* The book feels very light on art, especially in later chapters like "Atlas of Athas" which contributes to the next point:
* It feels short. The original Dark Sun had something like a dozen books and boxed sets released with three years of its release full of stuff to draw from. I expected more detail about everything: only four new rituals? the entirety of the forest ridge gets two pages? twenty pages of advice to DMs?

But a lot is really good:
* It has the polished layout we expect from 4E at this point.
* Though the art is a mixed bag, there is some really good stuff here. The splash page art at the beginning of chapters is mostly really good. The portraits in the Races and Themes chapters are mostly good. I love the city maps.
* I love the pictures on p139 and p183. I wish they were larger and there were more like them.
* I love the themes, muls and thri-kreen. They have "felt right" the ten sessions I've played with them. I don't have a problem with goliaths being plopped in for half-giants. In fact, I am likely to retcon goliaths in my games in other worlds as being descended from half-giants from Athas.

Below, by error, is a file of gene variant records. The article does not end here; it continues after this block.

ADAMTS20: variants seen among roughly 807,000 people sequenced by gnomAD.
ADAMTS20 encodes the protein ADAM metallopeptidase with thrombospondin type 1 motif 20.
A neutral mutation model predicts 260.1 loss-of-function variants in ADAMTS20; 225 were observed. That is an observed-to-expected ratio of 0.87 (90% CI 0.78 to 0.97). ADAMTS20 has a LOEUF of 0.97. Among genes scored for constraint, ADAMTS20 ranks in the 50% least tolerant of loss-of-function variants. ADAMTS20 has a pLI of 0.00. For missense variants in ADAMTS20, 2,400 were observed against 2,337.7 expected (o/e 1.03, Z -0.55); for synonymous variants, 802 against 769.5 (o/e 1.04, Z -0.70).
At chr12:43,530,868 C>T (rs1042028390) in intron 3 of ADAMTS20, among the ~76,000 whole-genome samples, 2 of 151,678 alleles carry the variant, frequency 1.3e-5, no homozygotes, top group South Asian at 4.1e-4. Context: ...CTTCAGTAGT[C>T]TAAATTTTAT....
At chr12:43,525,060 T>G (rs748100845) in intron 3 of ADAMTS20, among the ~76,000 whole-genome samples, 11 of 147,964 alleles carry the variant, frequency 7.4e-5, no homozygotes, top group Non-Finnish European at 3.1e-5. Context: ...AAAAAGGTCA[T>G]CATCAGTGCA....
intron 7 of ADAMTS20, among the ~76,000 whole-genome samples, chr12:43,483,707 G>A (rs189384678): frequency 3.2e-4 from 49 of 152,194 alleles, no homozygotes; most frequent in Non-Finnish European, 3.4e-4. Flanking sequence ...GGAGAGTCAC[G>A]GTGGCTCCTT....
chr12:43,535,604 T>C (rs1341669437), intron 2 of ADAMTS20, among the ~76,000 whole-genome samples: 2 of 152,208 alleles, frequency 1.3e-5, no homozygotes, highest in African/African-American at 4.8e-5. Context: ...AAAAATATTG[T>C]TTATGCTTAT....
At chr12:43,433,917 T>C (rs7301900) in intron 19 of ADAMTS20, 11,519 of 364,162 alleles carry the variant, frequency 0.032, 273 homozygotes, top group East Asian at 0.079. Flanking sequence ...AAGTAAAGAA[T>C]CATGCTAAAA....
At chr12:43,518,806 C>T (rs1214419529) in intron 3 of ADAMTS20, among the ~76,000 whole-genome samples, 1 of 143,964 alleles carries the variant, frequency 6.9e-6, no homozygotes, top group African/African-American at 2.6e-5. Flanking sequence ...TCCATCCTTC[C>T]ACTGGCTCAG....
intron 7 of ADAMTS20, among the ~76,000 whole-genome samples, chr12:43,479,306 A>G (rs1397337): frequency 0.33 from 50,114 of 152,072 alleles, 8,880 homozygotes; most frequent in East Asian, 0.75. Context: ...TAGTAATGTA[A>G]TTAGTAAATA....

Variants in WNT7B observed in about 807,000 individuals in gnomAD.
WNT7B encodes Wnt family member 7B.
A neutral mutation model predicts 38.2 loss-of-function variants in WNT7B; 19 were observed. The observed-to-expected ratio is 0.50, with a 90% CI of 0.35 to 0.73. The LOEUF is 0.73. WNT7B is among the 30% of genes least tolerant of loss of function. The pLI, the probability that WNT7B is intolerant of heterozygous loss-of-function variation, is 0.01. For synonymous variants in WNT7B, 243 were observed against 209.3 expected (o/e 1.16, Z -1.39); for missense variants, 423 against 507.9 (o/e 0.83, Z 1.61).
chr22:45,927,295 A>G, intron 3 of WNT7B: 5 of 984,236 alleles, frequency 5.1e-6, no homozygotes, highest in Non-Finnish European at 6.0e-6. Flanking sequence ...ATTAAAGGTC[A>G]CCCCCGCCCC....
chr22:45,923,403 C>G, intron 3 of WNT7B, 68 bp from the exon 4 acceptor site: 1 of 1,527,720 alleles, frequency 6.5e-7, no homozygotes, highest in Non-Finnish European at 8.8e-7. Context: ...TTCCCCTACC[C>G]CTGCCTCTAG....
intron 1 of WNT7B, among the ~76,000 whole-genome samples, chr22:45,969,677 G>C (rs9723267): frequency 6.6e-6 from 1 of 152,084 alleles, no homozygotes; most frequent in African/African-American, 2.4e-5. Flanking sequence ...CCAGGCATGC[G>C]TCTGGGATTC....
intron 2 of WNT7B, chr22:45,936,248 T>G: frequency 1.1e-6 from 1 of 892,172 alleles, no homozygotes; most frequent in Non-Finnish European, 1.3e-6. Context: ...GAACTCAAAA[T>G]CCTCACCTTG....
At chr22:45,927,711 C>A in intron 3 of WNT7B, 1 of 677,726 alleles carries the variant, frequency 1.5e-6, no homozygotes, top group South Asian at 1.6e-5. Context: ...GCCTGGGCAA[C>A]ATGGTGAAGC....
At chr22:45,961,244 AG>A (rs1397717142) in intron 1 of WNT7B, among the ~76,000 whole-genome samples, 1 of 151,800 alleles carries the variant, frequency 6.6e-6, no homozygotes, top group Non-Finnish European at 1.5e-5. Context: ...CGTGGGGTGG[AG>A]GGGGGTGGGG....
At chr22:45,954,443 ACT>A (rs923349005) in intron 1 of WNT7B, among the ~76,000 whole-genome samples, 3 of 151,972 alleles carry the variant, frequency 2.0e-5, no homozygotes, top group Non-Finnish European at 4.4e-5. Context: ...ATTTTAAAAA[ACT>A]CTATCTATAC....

* The few pages for DMs are pretty well done. The adventure looks lame, though.
* The new mechanics unique to Dark Sun are just right. I like survival days, sun sickness, and weapon breakage.

So, I'd say WotC has succeeded in bringing Dark Sun to 4E.

It's a strong setting despite some failures in execution and presentation. Players will enjoy creating and running unique characters. DMs will enjoy new and unique ways to kill those players.
17 of 19 people found the following review helpful
Best campaign setting for 4e yet. Aug. 24 2010
By Candin - Published on
Format: Hardcover